Studies in ancient Greek literature in translation - Thucydides' History ADED11623

  • Academic Session: 2019-20
  • School: Short Courses
  • Credits: 0
  • Level: Level 1 (SCQF level 7)
  • Typically Offered: Summer
  • Available to Visiting Students: No
  • Available to Erasmus Students: No

Short Description

The Greek historian Thucydides (c.460-c.395 BCE) has cast a long shadow, and his analysis of, and approach to, warfare and its causes continue to be relevant to modern day military strategising. Discover how Thucydides' History of the Peloponnesian War (to be read in translation) can help us to understand the characters, politics, and places involved in one of the major wars of the ancient Greek world, and why the importance of his work still resonates.


Block 4, weeks 1-5

2 hours per week for 5 weeks

Wednesdays, 19.00-21.00

Requirements of Entry


Excluded Courses






Are reassessment opportunities available for all summative assessments? No

Reassessments are normally available for all courses, except those which contribute to the Honours classification. For non-Honours courses, students are offered reassessment in all or any of the components of assessment if the satisfactory (threshold) grade for the overall course is not achieved at the first attempt. This is normally grade D3 for undergraduate students and grade C3 for postgraduate students. Exceptionally it may not be possible to offer reassessment of some coursework items, in which case the mark achieved at the first attempt will be counted towards the final course grade. Any such exceptions for this course are described below.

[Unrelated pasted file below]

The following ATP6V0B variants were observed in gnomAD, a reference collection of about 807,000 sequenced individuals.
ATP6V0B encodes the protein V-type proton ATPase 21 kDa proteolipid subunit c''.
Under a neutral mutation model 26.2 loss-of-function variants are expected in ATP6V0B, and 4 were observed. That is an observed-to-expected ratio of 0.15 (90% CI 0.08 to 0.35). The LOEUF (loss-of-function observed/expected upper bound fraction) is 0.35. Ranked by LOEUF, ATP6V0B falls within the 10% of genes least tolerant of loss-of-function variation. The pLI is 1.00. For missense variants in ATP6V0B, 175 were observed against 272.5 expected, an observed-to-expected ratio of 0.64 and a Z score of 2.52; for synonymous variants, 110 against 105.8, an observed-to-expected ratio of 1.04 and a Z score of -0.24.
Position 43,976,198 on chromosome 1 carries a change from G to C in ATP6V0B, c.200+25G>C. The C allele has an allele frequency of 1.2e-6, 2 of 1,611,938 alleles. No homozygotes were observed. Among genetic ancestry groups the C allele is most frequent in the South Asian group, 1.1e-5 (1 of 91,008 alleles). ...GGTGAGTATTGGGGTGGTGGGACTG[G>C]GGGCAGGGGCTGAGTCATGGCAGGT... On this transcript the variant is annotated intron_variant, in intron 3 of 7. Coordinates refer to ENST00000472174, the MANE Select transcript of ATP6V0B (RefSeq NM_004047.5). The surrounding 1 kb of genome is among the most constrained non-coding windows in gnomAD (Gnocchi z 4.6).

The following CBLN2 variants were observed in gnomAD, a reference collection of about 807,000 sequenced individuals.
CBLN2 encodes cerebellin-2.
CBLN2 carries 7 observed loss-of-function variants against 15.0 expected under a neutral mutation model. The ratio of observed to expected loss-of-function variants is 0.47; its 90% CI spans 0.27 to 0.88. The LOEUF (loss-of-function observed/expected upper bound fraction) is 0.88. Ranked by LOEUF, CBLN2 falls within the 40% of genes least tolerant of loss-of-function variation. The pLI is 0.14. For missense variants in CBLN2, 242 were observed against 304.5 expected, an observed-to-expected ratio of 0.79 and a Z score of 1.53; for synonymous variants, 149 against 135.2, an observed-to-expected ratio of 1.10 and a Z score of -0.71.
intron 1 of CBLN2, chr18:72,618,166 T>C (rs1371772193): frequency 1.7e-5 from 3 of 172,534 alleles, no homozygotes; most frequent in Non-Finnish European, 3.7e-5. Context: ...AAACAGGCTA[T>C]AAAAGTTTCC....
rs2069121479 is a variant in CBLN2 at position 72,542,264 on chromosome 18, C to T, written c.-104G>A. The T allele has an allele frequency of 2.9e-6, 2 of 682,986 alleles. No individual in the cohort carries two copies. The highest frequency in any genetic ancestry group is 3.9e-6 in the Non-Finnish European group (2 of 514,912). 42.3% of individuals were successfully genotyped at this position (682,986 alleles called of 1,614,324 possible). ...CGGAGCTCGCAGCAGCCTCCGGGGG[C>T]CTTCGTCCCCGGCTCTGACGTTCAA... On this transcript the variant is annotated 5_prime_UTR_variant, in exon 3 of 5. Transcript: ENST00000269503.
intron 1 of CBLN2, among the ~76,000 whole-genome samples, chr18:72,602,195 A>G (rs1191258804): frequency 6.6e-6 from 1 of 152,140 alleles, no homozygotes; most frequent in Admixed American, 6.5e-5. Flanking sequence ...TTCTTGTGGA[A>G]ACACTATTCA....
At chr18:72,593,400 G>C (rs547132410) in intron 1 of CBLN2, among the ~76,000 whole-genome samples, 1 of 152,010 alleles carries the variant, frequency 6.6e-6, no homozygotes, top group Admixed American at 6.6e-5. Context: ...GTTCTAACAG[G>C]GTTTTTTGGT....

Course Aims

This course aims to:

■ Enable students to use a specific ancient text in translation as a source for understanding ancient Greek society

■ Provide an overview of ancient Athenian society during a time of social upheaval in the late 5th century BCE

■ Encourage students to evaluate Thucydides' History (in translation) as primary source material

Intended Learning Outcomes of Course

By the end of this course students will be able to:

■ Contextualise chapters of Thucydides' History, within their time period and against their cultural backdrop

■ Analyse the events that shaped Athens, including its approach to war, the effects of plague on ancient society, the impact of colonial expansion

■ Identify and discuss the themes that arise in Thucydides' History, from social relationships, to personality clashes, to social breakdown

Minimum Requirement for Award of Credits

Students must submit at least 75% by weight of the components (including examinations) of the course's summative assessment.